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Remote Work Is Great (for hackers, that is)

image credit: Credit: Wikipedia

The move to remote work has opened a cybersecurity Pandora’s box, according to a new report.

Covid-19 shutdowns created a need for rapid enterprise technology implementation.  This resulted in security and compliance gaps and potential data breach opportunities.

According to the report from SailPoint,  a distributed workforce means hackers can capitalize on the potential for unsecured workforce access across multiple user access points. Password frailties and lax cybersecurity best practices also present security gaps.

The report said that many businesses skipped some of the critical security requirements of remote work, like identity security, revealing existing holes in security infrastructure and widening the threat landscape. Hackers’ tactics mean one of the largest threats posed to businesses can be remote workers themselves.

According to the report, 48% of total U.S. respondents said they had experienced targeted phishing emails, calls, or texts in a personal or professional capacity during the first six months of remote work. The report said that working from home lends itself to sharing sensitive company data and communicating via virtual platforms.

“It is a digital gold mine for hackers who own all the tools necessary to infiltrate a company when key defenses are down,” the report said.

Device sharing with spouses, children, and other family members also is typical, the report said. Workers also use the same technologies for different personal needs – such as checking personal email or social media channels and online shopping. Such practices increase risk by creating multiple entry points and introducing security vulnerabilities.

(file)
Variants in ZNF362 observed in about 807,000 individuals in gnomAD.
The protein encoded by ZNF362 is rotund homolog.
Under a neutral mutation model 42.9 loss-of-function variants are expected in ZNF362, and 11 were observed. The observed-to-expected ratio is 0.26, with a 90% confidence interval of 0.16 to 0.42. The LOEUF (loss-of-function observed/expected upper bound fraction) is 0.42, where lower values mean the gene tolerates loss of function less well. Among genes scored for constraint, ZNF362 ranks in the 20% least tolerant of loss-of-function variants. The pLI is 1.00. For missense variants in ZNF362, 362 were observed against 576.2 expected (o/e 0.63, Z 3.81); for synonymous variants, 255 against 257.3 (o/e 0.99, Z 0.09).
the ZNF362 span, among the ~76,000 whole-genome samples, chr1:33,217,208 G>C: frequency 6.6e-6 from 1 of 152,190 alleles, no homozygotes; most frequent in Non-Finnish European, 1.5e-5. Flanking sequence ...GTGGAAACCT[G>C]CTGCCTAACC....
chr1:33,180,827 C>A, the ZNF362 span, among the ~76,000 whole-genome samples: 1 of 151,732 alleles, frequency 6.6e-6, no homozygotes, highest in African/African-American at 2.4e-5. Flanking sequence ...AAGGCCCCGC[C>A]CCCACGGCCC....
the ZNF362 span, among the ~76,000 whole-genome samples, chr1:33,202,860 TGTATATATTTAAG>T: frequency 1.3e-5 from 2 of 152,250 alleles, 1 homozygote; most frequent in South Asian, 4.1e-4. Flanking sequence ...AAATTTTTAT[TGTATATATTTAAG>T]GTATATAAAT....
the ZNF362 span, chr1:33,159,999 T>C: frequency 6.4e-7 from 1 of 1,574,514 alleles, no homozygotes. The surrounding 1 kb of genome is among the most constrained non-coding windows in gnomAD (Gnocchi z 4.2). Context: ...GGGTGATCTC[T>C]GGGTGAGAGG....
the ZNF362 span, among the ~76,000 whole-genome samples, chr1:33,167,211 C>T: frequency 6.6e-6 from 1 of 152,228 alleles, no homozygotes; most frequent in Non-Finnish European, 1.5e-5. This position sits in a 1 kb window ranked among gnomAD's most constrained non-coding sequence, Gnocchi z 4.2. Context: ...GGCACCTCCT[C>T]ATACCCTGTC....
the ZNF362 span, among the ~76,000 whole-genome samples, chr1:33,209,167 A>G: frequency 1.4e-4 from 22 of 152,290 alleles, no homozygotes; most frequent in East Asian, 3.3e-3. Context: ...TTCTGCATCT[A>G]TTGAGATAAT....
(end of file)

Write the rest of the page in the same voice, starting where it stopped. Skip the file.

The report said that 1 in 3 U.S. employees reported using their own computer and smartphone to enable remote work, while 17% reported using a computer and smartphone owned by their employer.

What’s more, nearly a third of those under 25 admitted to sharing their passwords; the most significant sharers were those aged 25 to 34 (39%). The survey found that the older the group was, the lower the overall risk of password sharing.

For example, those 35 to 44 (26%) and 45 to 54 (20%) shared login credentials significantly less than their younger counterparts. But those aged 55-65+ were the most password secure, with only 17% admitting to swapping credentials.

The report said that many organizations are operating under dated protocols. While protections like password resets, regular security training, and providing employees a more secure approach to accessing files and folders are important, organizations need to better address who has access, should have access, and what they are doing with that access.

The report said that “With so many new tools, platforms, databases, clouds, and everything else introduced rapidly to enable collaborative business continuity, organizations require scalable identity security solutions to protect what they cannot see.”

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DW Keefer's picture

Thank DW for the Post!

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